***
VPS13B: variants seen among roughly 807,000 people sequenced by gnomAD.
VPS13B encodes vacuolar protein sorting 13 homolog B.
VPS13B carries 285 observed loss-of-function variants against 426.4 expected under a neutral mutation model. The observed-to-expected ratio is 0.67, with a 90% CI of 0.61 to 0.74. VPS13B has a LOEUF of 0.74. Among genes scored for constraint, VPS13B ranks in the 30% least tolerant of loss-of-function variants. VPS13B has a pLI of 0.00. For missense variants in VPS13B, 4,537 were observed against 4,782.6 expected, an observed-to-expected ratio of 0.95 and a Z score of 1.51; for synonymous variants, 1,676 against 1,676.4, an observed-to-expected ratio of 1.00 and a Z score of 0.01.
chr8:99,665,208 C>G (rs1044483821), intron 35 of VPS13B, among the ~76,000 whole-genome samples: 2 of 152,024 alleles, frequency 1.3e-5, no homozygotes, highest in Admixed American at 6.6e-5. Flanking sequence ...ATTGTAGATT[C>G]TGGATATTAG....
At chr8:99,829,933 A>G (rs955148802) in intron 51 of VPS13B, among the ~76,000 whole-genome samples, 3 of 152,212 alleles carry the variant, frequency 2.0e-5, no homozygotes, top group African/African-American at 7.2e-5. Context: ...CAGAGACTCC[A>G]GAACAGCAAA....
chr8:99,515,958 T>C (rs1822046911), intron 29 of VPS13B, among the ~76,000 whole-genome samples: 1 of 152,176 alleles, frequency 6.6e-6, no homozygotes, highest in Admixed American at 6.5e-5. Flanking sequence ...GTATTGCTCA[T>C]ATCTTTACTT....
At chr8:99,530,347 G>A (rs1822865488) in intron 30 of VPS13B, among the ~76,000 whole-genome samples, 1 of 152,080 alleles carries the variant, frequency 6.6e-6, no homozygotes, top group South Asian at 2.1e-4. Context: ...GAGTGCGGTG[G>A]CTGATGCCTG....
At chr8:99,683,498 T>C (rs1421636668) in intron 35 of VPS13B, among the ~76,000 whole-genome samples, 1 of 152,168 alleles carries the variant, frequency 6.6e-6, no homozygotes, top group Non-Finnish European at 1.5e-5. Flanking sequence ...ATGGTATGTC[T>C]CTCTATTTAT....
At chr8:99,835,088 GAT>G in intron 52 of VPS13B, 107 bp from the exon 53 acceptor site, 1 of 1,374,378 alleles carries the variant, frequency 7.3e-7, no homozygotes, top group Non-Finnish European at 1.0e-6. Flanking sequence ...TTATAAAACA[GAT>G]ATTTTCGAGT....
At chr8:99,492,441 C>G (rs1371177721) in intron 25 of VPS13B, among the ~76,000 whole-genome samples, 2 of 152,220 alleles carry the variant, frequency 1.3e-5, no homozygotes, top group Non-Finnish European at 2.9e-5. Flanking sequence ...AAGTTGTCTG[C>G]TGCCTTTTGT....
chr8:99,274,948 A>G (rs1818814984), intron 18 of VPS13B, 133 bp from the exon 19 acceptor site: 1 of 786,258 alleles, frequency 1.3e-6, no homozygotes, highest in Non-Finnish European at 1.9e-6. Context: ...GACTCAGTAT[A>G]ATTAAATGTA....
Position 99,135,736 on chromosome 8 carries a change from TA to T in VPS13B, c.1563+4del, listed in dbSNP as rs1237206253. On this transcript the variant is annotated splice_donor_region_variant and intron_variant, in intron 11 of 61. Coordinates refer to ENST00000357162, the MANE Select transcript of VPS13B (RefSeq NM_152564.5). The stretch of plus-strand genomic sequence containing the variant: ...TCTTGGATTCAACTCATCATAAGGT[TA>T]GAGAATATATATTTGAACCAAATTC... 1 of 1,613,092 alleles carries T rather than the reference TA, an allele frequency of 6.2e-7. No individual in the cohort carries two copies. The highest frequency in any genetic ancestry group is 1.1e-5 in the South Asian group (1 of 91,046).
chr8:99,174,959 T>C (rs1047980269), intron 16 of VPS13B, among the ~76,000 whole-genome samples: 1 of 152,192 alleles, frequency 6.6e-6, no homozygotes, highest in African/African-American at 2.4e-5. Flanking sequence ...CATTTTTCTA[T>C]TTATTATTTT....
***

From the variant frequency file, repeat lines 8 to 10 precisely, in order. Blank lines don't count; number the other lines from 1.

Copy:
At chr8:99,683,498 T>C (rs1421636668) in intron 35 of VPS13B, among the ~76,000 whole-genome samples, 1 of 152,168 alleles carries the variant, frequency 6.6e-6, no homozygotes, top group Non-Finnish European at 1.5e-5. Flanking sequence ...ATGGTATGTC[T>C]CTCTATTTAT....
At chr8:99,835,088 GAT>G in intron 52 of VPS13B, 107 bp from the exon 53 acceptor site, 1 of 1,374,378 alleles carries the variant, frequency 7.3e-7, no homozygotes, top group Non-Finnish European at 1.0e-6. Flanking sequence ...TTATAAAACA[GAT>G]ATTTTCGAGT....
At chr8:99,492,441 C>G (rs1371177721) in intron 25 of VPS13B, among the ~76,000 whole-genome samples, 2 of 152,220 alleles carry the variant, frequency 1.3e-5, no homozygotes, top group Non-Finnish European at 2.9e-5. Flanking sequence ...AAGTTGTCTG[C>G]TGCCTTTTGT....